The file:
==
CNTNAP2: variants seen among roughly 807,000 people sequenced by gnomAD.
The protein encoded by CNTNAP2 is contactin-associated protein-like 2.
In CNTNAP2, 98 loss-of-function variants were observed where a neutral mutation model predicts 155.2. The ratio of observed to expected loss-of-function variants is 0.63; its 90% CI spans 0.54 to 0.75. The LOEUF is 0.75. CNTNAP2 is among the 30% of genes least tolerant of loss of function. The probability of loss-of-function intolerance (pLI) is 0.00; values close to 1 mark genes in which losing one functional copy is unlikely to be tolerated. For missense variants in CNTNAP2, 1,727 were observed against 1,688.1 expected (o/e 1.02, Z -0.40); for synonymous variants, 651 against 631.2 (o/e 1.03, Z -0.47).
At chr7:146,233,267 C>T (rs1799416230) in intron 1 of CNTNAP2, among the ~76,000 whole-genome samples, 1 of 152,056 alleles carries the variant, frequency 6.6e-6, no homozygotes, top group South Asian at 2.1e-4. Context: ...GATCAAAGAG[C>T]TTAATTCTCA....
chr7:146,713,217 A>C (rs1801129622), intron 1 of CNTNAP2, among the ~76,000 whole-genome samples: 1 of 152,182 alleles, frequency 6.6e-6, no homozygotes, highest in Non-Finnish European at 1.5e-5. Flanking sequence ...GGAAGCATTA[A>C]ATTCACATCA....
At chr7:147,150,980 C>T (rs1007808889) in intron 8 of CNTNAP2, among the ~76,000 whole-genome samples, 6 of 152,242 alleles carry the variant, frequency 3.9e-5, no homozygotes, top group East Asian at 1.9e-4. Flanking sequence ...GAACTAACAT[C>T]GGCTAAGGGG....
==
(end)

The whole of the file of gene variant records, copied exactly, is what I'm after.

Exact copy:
CNTNAP2: variants seen among roughly 807,000 people sequenced by gnomAD.
The protein encoded by CNTNAP2 is contactin-associated protein-like 2.
In CNTNAP2, 98 loss-of-function variants were observed where a neutral mutation model predicts 155.2. The ratio of observed to expected loss-of-function variants is 0.63; its 90% CI spans 0.54 to 0.75. The LOEUF is 0.75. CNTNAP2 is among the 30% of genes least tolerant of loss of function. The probability of loss-of-function intolerance (pLI) is 0.00; values close to 1 mark genes in which losing one functional copy is unlikely to be tolerated. For missense variants in CNTNAP2, 1,727 were observed against 1,688.1 expected (o/e 1.02, Z -0.40); for synonymous variants, 651 against 631.2 (o/e 1.03, Z -0.47).
At chr7:146,233,267 C>T (rs1799416230) in intron 1 of CNTNAP2, among the ~76,000 whole-genome samples, 1 of 152,056 alleles carries the variant, frequency 6.6e-6, no homozygotes, top group South Asian at 2.1e-4. Context: ...GATCAAAGAG[C>T]TTAATTCTCA....
chr7:146,713,217 A>C (rs1801129622), intron 1 of CNTNAP2, among the ~76,000 whole-genome samples: 1 of 152,182 alleles, frequency 6.6e-6, no homozygotes, highest in Non-Finnish European at 1.5e-5. Flanking sequence ...GGAAGCATTA[A>C]ATTCACATCA....
At chr7:147,150,980 C>T (rs1007808889) in intron 8 of CNTNAP2, among the ~76,000 whole-genome samples, 6 of 152,242 alleles carry the variant, frequency 3.9e-5, no homozygotes, top group East Asian at 1.9e-4. Flanking sequence ...GAACTAACAT[C>T]GGCTAAGGGG....